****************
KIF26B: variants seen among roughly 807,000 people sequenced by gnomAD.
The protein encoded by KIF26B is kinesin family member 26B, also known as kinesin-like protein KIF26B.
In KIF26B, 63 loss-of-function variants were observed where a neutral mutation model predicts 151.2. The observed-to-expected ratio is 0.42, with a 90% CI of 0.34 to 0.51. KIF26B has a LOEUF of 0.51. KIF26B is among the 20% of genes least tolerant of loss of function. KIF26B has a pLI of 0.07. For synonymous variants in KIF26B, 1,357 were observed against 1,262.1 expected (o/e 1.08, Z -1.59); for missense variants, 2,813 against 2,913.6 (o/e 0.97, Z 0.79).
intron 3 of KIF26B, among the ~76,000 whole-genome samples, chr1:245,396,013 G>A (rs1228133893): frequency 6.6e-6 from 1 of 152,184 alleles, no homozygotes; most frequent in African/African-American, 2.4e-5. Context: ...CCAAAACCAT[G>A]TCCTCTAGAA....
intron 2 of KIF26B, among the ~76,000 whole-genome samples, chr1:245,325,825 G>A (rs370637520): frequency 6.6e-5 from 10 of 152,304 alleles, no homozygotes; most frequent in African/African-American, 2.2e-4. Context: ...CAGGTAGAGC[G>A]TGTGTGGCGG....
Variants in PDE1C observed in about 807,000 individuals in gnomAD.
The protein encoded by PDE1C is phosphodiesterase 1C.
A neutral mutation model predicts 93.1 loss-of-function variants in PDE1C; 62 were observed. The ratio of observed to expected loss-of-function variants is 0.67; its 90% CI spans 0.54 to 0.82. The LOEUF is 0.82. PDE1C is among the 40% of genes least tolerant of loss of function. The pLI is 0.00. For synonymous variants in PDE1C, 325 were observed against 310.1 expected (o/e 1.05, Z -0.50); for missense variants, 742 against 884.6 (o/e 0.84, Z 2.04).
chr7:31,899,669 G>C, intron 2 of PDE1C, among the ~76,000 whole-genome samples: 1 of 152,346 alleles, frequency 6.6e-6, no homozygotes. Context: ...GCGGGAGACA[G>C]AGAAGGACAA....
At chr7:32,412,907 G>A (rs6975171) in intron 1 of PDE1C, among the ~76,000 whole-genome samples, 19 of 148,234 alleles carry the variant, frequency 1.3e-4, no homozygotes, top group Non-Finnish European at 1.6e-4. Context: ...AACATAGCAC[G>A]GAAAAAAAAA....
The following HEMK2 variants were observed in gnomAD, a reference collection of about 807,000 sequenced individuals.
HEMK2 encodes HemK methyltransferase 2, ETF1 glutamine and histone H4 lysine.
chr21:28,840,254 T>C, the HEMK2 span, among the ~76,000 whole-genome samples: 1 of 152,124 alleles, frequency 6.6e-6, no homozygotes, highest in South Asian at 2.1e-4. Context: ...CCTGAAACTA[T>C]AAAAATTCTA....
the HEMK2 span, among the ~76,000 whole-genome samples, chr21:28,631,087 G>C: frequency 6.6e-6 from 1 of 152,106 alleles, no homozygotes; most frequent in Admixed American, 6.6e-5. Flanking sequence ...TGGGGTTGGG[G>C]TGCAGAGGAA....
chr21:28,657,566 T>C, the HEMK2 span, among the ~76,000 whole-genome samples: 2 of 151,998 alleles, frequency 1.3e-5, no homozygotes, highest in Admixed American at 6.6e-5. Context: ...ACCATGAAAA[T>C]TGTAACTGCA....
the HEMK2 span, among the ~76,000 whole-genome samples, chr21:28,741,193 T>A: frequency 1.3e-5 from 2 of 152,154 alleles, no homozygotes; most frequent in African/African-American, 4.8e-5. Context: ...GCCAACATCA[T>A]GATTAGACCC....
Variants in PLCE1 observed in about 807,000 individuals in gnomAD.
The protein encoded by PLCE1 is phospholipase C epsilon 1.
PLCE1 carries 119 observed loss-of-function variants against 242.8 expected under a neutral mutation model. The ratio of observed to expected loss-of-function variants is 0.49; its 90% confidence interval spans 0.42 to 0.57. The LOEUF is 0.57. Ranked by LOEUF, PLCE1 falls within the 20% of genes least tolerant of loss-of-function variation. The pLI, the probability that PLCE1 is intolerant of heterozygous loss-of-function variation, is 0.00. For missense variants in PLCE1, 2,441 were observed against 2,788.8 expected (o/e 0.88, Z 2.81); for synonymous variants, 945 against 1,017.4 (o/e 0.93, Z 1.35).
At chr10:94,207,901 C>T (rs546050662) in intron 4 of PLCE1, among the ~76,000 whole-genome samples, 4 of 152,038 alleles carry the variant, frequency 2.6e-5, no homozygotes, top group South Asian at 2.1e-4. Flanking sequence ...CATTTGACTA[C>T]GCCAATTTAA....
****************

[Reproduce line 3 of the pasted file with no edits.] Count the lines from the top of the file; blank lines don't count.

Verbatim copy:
In KIF26B, 63 loss-of-function variants were observed where a neutral mutation model predicts 151.2. The observed-to-expected ratio is 0.42, with a 90% CI of 0.34 to 0.51. KIF26B has a LOEUF of 0.51. KIF26B is among the 20% of genes least tolerant of loss of function. KIF26B has a pLI of 0.07. For synonymous variants in KIF26B, 1,357 were observed against 1,262.1 expected (o/e 1.08, Z -1.59); for missense variants, 2,813 against 2,913.6 (o/e 0.97, Z 0.79).